FLORENCE, Ala. --
Throughout his storied 20-year career in professional bass fishing, there is one title that has eluded Alton Jones.
And at the Alabama Charge the Texan served notice that adding Toyota Tundra Bassmaster Angler of the Year to his list of angling achievements is a priority for the remainder of the 2011 season.
In recent years, winning the Angler of the Year has weighed heavily on Jones' mind and especially so after winning the 2008 Basssmaster Classic. Even before then he'd come close on several occasions only to see the coveted point race trophy slip from his grasp at season's end.
The priority to make a run at the 2011 title became obvious during the Alabama Charge third round, a do-or-die day to qualify for the top 12 finale. In the heat of battle, Jones was overheard on the water updating the media about his catch on Pickwick Lake. He announced that picking up AOY points was the most crucial part of the day, after realizing the eventual 22-pound 3-ounce weight assured him of advancing.
"I would look back to Friday as a turning point for me thus far this season," he said. "I needed to catch them big to make that cut, but on the other hand, I was thinking about Angler of the Year because I was already leading it coming into the tournament. "
"It's a good feeling to be in contention for the title this early in the season and it will make me motivated to keep the dream alive," he added. "That's what this is all about right now, keeping the dream alive until the next event and the next.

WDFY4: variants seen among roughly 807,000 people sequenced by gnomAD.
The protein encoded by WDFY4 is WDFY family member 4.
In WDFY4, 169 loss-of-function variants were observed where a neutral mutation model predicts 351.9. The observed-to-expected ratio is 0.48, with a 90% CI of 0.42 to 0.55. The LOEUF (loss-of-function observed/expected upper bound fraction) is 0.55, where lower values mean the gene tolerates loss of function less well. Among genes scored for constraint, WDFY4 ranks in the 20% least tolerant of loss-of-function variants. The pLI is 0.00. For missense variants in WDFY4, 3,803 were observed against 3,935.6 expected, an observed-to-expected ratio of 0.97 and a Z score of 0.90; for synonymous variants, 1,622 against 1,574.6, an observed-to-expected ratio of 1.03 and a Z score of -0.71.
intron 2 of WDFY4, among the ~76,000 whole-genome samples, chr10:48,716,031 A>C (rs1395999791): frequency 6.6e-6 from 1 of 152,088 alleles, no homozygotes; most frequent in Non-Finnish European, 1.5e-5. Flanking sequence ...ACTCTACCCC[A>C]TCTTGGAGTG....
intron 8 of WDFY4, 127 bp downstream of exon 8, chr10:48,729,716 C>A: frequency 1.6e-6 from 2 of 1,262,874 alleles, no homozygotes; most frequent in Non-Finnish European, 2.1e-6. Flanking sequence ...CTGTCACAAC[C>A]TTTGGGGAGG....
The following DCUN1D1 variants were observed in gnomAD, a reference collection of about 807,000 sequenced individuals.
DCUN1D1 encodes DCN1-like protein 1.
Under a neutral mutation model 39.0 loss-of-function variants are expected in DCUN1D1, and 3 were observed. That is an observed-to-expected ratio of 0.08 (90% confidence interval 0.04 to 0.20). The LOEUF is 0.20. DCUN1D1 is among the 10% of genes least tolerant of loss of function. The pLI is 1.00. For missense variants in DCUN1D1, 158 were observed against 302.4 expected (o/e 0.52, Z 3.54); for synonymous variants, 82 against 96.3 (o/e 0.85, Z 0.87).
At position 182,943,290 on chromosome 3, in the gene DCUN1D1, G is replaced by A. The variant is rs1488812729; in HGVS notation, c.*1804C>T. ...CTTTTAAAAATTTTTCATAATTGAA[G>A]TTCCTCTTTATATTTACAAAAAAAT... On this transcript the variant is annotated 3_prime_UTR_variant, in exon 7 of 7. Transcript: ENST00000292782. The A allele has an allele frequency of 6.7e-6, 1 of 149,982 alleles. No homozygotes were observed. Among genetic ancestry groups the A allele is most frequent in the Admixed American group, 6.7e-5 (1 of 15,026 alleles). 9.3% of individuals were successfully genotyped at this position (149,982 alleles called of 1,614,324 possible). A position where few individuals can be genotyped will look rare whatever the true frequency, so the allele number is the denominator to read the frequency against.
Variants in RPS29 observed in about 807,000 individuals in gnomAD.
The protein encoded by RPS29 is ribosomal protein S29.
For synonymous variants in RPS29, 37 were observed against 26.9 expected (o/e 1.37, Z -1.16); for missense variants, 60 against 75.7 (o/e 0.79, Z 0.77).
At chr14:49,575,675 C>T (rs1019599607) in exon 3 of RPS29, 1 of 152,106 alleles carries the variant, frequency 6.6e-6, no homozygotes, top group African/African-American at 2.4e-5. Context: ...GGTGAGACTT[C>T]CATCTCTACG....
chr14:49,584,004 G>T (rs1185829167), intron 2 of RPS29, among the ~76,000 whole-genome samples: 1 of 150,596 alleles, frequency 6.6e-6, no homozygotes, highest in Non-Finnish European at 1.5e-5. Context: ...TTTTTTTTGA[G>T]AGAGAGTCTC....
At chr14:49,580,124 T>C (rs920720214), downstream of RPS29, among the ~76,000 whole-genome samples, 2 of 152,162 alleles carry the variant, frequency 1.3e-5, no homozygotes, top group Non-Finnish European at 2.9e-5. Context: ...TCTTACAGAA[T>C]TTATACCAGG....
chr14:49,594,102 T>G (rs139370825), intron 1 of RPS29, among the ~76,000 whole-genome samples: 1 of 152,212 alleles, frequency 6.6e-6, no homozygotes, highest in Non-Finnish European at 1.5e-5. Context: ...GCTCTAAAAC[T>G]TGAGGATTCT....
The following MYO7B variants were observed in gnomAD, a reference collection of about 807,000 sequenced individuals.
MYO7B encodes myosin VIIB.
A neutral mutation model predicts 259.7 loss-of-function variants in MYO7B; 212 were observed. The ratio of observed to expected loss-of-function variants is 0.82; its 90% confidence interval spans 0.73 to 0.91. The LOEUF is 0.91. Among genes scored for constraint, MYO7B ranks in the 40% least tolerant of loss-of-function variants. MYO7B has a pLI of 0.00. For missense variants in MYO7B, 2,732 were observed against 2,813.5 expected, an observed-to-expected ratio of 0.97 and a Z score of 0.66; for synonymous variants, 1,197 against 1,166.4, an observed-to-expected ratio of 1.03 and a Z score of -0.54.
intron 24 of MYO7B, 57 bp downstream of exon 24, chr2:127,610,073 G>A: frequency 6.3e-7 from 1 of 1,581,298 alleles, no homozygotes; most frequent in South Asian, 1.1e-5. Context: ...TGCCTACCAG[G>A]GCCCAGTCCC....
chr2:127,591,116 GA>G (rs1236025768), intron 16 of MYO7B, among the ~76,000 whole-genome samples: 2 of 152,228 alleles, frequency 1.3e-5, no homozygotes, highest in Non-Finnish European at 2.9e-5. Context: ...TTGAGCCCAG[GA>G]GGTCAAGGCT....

There's a lot of fishing left to be done, but I can also say that I don't have to catch as much later on as some of the other guys might have to do."
If there's anything Jones has learned after two decades on the tour it's how crucial the mental side of fishing weighs on success. "You can lose this title in one tournament and then the dream dies," he said.
"You hear guys who win Angler of the Year say 'things just went right' and that's another way of saying they made the right adjustments," he said. "Winning this title is all about making little subtle adjustments like I did on Friday that all add up over the course of the season."
As for that pivotal day, Jones realized at 9 a.m. his bite had switched from prespawn to a fully engaged spawning wave of big fish. Realizing the change and making the adjustment enabled him to load the boat with 22-3.
"It hit me then and I made the adjustment," he recalled. "With every single cast I bared down on what those fish were telling me and applied it to the next cast through the end of the day."
So far, Jones has made all the necessary adjustments to keep him in contention for making a strong run at the Angler of the Year title. With his current mental state as sharp as ever, he'll be a likely contender until the season concludes.